The Coed Hills retreat.

Later, I attempted to hermit in the upstairs loft and become one with the couch. Too much emotional interaction for one day, thank you very much. But life had other plans, and people filtered over to the adjoining couches. A reflection circle was taking place, run by facilitators who work in therapeutic communities. I intended to stay silent and listen, but instead found myself clearing my throat and unsuccessfully trying not to cry. “Yeah, I guess I can say something. A few weeks after I was hospitalised, I had a dream about a place like this…”

In the dream, a psychic refuge from the nightmares of being locked up and threatened, I was transported to a different kind of hospital. A home in the hillside, there was art on the walls, warm lights, a glowing fireplace, no locked doors. Outside, a garden brimmed with gnarled trees, fruits, and vegetables. There was a deep sense of safety; a knowing that the healers understood and weren’t afraid of intense states like madness. They embraced it; maybe they’d been through it themselves. They didn’t want to wrestle us into submission, they wanted to help guide us through, right into the murky core, find meaning and insight in what everyone else called symptoms of a broken brain.

“And this gathering,” I continued shakily, “is just like the place I dreamt about, what I longed for. It’s surreal to be here, and it’s also… so sad. Because this is what I needed. This kind of a space. And instead, it was more trauma and fear. So… it’s this strange feeling of hope and sorrow. That places like this are on the fringes when this way of approaching suffering is so obvious. This is so, so obvious. A connection to the land, people who understand, who hold space for each other and alongside each other. Food, fires, movement, working through the hard stuff, being.” My words fall short. It’s simply the basics of what human beings need, not just unwell people. Community, connection, belonging—these medicines that keep eroding.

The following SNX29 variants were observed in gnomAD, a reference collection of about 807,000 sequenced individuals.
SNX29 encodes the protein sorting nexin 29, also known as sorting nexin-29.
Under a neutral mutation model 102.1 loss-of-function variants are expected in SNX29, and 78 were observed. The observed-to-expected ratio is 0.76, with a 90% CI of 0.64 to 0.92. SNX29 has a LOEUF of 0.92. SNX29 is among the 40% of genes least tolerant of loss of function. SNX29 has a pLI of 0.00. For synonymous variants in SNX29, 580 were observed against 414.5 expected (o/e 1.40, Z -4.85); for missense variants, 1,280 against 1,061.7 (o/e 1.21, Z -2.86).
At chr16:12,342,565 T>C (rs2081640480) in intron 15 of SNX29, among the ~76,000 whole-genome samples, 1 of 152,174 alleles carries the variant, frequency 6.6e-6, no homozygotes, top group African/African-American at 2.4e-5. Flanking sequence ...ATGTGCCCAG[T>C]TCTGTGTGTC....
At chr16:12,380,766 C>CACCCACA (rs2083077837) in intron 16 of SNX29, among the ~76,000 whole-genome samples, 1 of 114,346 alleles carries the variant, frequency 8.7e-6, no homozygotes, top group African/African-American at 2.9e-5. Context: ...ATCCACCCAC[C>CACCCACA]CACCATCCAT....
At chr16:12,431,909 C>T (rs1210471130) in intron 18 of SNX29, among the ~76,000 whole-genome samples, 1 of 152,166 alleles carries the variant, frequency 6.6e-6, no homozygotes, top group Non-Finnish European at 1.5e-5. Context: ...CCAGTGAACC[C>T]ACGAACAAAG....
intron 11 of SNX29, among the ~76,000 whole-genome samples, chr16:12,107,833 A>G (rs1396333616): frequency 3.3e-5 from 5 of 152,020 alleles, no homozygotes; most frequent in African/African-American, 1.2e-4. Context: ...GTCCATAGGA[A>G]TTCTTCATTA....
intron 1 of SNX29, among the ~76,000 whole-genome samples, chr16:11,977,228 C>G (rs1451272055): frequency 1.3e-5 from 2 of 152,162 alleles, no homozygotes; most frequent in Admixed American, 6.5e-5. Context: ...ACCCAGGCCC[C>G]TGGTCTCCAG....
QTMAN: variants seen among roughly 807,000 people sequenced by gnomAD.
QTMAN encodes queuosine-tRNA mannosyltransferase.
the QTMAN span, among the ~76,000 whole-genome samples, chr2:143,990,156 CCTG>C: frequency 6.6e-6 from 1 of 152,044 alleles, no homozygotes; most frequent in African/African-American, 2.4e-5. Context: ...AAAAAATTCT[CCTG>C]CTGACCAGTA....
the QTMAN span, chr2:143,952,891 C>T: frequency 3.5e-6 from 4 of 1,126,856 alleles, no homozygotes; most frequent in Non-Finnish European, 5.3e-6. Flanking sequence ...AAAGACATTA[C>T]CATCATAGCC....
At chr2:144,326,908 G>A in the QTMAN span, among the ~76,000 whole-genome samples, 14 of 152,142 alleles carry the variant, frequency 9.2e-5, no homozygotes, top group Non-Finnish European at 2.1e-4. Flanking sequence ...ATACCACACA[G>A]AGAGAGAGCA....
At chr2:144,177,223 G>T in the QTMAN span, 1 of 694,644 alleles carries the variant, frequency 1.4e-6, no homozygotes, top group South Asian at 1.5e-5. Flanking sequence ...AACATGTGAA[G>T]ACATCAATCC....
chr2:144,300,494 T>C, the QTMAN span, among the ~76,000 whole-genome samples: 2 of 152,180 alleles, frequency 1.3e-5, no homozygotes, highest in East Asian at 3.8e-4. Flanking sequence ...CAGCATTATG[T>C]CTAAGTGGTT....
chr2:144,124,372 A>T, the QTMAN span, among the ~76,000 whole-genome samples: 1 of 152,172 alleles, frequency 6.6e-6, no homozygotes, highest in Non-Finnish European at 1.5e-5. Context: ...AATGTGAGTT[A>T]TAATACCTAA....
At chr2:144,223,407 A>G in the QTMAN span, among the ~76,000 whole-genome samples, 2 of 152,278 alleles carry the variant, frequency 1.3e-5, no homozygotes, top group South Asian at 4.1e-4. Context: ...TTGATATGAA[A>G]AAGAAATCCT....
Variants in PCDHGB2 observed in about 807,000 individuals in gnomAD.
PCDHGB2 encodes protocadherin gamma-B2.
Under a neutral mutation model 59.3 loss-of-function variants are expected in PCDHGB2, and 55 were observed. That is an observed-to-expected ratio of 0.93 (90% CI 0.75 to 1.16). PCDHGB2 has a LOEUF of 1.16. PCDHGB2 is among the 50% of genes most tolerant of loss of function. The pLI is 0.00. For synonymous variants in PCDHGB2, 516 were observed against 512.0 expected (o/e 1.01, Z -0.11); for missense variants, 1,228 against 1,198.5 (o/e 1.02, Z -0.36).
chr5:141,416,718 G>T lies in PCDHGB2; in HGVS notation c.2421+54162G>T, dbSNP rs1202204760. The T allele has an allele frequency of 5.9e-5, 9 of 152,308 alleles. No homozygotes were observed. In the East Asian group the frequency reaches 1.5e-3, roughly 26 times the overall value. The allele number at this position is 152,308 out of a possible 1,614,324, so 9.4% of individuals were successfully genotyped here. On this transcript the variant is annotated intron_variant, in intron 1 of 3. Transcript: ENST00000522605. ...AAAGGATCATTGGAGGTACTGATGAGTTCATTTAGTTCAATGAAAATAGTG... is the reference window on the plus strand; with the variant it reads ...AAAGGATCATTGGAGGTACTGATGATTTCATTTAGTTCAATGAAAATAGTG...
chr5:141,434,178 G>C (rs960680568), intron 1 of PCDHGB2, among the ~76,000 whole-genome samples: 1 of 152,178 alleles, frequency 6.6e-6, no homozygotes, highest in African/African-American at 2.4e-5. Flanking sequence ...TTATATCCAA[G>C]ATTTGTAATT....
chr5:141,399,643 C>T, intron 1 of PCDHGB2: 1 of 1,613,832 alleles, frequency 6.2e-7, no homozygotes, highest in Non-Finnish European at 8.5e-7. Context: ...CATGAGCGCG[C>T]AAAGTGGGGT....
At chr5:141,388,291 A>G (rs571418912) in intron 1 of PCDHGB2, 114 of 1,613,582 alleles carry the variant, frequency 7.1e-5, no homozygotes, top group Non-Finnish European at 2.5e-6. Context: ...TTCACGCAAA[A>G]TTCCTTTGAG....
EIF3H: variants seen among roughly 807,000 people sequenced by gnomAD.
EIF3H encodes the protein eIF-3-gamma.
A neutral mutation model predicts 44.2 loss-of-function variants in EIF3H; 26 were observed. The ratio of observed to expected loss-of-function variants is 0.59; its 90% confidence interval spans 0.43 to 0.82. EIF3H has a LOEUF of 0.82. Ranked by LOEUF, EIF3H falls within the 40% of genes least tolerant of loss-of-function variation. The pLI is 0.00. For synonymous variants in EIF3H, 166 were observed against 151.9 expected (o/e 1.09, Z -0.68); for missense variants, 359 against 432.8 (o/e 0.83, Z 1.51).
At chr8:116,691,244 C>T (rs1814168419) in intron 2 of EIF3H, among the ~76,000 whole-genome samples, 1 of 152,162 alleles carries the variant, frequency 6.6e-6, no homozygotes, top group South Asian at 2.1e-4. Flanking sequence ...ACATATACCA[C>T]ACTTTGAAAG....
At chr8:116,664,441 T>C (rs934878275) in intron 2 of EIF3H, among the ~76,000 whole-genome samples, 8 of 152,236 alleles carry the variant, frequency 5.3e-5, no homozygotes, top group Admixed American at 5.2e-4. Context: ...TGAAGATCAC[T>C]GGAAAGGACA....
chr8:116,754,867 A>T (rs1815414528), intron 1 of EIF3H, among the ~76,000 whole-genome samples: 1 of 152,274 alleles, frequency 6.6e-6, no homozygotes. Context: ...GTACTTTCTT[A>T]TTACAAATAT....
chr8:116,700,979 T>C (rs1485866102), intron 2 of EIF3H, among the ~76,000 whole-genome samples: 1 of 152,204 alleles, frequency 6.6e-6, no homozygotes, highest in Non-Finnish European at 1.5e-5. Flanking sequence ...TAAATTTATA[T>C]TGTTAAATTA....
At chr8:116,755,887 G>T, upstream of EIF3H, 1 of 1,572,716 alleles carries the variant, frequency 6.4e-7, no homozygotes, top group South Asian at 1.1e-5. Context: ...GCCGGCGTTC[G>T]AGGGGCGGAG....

The Coed Hills retreat.

On the final evening, a handful of us tentatively started a dance, drum, and singing circle. The wariness I often feel around psychiatrists dissolved as we grinned and grooved to the music, the drums beating away diagnostic labels and career or carer titles; everyone was working through something, shaking off some heaviness, and soon the circle swelled with people jiving to the music, banging on drums, finding vocal harmonies. We mirrored and listened to each other, creating and holding onto that invisible river of rhythm, that overlapping heartbeat.

For three days, we were invited to speak about death and loss, about love and rage, about hope and injustice, about deep pain and deep longing. When I was in a psychiatric ward, meaningful conversations were prohibited. We were handed suicide checklists every day, forced to tick boxes assessing whether we wanted to off ourselves or not. Every person in that ward knew to just tick the box and pretend they were thinking of nothing but sunshine and compliance, lest they be punished with an extended stay. Shut up, keep your head down, suppress the experience. Spaces like the Compassionate Mental Health retreat embrace discomfort, hold space for intense emotions, grapple with the excruciating beauty and uncertainty of living. It’s shocking how rare, how precious these spaces are. You can find them in little pockets or transient fragments here and there. But to wander into a micro-world, where it is the norm, the reality, to welcome our unwieldly human complexity—now that is something to pay attention to. That is something to dream into reality.

The next Compassionate Mental Health retreat  will take place on the 11th-14th of March, 2024, in Coed Hills, South Wales.

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Mad in America hosts blogs by a diverse group of writers. These posts are designed to serve as a public forum for a discussion—broadly speaking—of psychiatry and its treatments. The opinions expressed are the writers’ own.

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31 COMMENTS

  1. Thanks Robyn for this very moving account of your mental illness and the Compassionate Mental Health retreat and how it helped you. I was at the same retreat – last November remember! I visited for a day and spoke about my younger brother Eric who’d taken his life in 2009. I also had 2 years of intense Open Dialogue therapy: lucky enough to have Dr. Russell Razzaque who brought it to the UK, as my lead clinician.